A research institute dedicated to unifying pediatric neuroscience research efforts must constantly seek out perspectives from researchers in diverse fields throughout the world. The Jan and Dan Duncan Neurological Research Institute at Texas Children's Hospital will gain from the experience and insight of leading experts in healthcare, science, technology, and pharmaceutical drug development. A formal advisory group will meet several times a year in both regular and ad hoc sessions.
The advisory group includes the following members:
Albert-László Barabási, Ph.D., physicist and engineer, is Distinguished University Professor at Northeastern University, where he directs the Center for Complex Network Research, and holds appointments in the Departments of Physics, Computer Science, and Biology, as well as in the Department of Medicine, Harvard Medical School and Brigham and Women Hospital, and is a member of the Center for Cancer Systems Biology at Dana Farber Cancer Institute. He introduced the concept of scale-free networks and proposed the Barabási-Albert model to explain their widespread emergence in natural, technological, and social systems, from the cellular telephone to the WWW and online communities. His brilliance in bioinformatics, applying mathematical algorithms to disease-oriented research and biological problems, and his perspective on networks will provide creative input into the scientific collaborations possible via the NRI from both scientific and human interaction perspectives, and will help us recruit the best bioinformatic minds to the NRI.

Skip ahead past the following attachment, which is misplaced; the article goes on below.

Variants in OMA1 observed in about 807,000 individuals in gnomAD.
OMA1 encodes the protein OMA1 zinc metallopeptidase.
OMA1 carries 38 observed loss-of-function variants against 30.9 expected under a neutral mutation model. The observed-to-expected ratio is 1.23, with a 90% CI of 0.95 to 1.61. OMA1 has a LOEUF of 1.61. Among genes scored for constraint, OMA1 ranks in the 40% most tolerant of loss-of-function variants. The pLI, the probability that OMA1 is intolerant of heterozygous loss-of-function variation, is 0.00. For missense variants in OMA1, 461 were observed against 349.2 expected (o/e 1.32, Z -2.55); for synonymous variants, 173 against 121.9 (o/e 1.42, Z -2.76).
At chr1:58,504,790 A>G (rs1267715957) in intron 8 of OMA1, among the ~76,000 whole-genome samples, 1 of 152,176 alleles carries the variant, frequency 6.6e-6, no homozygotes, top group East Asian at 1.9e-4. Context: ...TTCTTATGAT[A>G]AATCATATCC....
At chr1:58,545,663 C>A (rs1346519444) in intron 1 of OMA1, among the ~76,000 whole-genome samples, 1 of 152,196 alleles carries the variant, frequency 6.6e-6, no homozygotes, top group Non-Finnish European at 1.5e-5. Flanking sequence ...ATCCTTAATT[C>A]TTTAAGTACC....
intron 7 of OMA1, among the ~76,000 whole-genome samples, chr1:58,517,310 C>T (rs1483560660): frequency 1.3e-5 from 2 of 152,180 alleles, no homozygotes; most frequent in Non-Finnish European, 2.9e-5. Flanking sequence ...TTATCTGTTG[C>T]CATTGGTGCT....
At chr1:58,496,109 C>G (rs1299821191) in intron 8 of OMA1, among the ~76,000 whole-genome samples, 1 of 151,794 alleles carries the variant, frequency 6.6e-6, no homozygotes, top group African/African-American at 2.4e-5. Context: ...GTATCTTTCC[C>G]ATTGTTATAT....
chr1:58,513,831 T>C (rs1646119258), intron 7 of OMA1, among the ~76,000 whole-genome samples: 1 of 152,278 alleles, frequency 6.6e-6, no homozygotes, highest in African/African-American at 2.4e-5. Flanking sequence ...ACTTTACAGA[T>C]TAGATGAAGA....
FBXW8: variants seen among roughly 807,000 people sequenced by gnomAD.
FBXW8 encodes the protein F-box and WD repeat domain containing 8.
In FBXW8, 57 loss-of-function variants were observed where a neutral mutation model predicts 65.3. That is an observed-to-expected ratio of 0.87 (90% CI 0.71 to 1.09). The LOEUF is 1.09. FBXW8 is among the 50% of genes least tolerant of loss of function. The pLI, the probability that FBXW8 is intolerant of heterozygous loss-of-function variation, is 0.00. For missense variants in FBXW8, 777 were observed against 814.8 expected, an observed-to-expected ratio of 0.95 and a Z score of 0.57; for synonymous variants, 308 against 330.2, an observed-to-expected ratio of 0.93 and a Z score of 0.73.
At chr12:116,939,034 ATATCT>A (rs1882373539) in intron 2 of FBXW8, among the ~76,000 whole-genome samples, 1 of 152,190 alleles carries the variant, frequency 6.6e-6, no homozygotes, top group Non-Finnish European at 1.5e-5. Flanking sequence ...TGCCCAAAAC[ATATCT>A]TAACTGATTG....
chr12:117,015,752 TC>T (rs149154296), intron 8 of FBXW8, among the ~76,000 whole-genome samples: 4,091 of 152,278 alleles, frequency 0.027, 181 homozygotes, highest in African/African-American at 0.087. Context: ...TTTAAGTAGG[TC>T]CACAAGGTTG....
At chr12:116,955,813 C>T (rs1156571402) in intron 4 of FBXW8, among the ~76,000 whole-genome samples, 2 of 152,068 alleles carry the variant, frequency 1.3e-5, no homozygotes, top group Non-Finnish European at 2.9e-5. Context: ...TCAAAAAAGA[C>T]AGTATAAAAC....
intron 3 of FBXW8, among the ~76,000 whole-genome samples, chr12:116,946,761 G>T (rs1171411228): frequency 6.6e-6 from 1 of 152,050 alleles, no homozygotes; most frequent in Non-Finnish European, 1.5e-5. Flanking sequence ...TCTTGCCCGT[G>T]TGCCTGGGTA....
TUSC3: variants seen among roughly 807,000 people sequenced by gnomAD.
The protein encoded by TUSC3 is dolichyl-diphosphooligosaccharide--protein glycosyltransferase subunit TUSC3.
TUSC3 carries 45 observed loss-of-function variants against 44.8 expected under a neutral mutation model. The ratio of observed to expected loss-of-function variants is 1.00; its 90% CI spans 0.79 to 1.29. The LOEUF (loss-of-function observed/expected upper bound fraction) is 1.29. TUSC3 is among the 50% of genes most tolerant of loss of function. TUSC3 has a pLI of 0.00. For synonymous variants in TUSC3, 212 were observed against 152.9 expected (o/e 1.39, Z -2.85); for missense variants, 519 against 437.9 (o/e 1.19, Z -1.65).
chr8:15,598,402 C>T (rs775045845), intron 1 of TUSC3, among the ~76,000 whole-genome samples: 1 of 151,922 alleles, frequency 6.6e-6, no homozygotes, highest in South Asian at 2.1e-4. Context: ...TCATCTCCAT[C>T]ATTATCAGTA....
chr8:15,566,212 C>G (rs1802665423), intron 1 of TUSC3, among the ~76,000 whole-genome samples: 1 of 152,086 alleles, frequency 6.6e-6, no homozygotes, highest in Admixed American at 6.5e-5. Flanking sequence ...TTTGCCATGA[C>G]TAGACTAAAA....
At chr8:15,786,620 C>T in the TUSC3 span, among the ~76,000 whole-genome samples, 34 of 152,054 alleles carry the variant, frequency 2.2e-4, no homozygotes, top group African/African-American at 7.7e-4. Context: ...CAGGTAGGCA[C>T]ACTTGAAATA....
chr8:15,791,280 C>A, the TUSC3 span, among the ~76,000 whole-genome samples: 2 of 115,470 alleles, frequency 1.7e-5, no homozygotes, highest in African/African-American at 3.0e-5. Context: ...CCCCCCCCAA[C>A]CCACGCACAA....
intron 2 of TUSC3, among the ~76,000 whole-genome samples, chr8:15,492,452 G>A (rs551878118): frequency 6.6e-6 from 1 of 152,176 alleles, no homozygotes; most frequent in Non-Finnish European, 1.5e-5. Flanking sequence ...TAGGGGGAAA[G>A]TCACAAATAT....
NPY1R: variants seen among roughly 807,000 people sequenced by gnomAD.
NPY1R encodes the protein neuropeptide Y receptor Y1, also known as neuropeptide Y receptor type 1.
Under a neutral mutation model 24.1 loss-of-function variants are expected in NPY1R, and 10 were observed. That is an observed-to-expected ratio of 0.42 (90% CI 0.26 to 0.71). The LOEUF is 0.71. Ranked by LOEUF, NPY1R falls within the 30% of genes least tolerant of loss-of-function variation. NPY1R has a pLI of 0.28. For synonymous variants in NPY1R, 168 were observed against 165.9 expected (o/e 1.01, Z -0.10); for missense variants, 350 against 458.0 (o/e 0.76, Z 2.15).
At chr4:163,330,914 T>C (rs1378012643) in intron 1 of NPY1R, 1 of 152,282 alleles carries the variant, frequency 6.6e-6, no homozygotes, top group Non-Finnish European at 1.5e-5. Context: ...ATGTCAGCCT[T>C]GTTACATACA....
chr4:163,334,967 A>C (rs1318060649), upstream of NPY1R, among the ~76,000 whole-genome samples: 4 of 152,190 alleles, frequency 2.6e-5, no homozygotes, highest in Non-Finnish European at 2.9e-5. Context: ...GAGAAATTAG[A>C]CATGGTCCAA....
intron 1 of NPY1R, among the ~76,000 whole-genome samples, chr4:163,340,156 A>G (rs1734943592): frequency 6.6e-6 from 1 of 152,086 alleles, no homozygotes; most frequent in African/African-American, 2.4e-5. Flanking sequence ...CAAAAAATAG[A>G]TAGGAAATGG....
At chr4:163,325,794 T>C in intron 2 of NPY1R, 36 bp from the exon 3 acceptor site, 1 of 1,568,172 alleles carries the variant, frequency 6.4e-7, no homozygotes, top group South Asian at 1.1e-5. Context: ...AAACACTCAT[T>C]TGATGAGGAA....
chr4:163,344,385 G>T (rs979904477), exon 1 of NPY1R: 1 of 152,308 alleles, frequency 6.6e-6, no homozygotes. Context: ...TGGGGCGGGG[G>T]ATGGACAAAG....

Nat Heintz, Ph.D., HHMI Investigator, is the James and Marilyn Simons Professor at Rockefeller University. He greatly advanced the field of neuroscience through technology to construct and identify patterns of gene expression in individual neurons, both revealing differences between cells that were hitherto thought to be identical, and providing genetic access to these cells in health and disease via the BAC vectors. His recent development of "tethered toxins" to manipulate neuronal function has far-reaching implications. His pioneering work is leading us towards a fuller and more explicit understanding of the specific cellular elements that compose the brain. His understanding of collaborative science and resource development will provide invaluable perspective to the NRI.
Story Landis, Ph.D. is the former director of the National Institute of Neurological Disorders and Stroke (NINDS) at the National Institutes of Health. She was the director of the institute between 2003 to 2014. Prior to that, she was a faculty member in the Department of Neurobiology at Harvard Medical School and Case Western Reserve University School of Medicine. One of her most important research contributions is the revolutionary discovery that nerve cells can change their transmitter properties. She and her colleagues discovered that sympathetic neurons that make norepinephrine could be coaxed into releasing acetylcholine, depending upon the target that they innervate. Dr. Landis was a founding co-chair of the NIH Blueprint for Neuroscience Research, a highly successful effort to support trans-NIH activities in the brain sciences and was named Chair of the NIH Stem Cell Task Force in 2007. She has received many honors, is an elected fellow of the Institute of Medicine, the American Academy of Arts and Sciences, and the American Association for the Advancement of Science.
Larry Zipursky, Ph.D., HHMI Investigator, is Professor of Biological Chemistry at the University of California, Los Angeles, David Geffen School of Medicine. His area of interest is how communication between neurons relies on precise patterns of interconnections between them. He is unraveling the molecular mechanisms by which these connections form during development using Drosophila as a model organism. His perspective on how studies of neuronal circuitry in the Drosophila model can lead to basic as well as translational breakthroughs will provide invaluable guidance to the NRI.